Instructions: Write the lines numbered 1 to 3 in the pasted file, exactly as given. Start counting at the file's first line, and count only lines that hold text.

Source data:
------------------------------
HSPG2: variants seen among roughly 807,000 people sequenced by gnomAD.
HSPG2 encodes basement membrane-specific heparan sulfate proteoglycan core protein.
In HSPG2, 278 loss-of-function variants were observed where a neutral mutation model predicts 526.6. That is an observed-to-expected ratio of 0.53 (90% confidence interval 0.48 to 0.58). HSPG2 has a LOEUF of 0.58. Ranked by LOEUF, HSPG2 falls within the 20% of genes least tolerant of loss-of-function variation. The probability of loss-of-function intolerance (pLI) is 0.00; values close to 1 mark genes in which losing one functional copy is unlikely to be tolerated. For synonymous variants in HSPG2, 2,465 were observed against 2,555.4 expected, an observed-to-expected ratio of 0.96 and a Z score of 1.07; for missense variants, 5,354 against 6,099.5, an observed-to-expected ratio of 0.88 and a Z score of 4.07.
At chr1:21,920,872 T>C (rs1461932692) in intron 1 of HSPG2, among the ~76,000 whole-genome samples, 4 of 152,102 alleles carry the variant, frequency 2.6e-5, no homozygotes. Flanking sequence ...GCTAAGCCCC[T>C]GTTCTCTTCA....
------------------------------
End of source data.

HSPG2: variants seen among roughly 807,000 people sequenced by gnomAD.
HSPG2 encodes basement membrane-specific heparan sulfate proteoglycan core protein.
In HSPG2, 278 loss-of-function variants were observed where a neutral mutation model predicts 526.6. That is an observed-to-expected ratio of 0.53 (90% confidence interval 0.48 to 0.58). HSPG2 has a LOEUF of 0.58. Ranked by LOEUF, HSPG2 falls within the 20% of genes least tolerant of loss-of-function variation. The probability of loss-of-function intolerance (pLI) is 0.00; values close to 1 mark genes in which losing one functional copy is unlikely to be tolerated. For synonymous variants in HSPG2, 2,465 were observed against 2,555.4 expected, an observed-to-expected ratio of 0.96 and a Z score of 1.07; for missense variants, 5,354 against 6,099.5, an observed-to-expected ratio of 0.88 and a Z score of 4.07.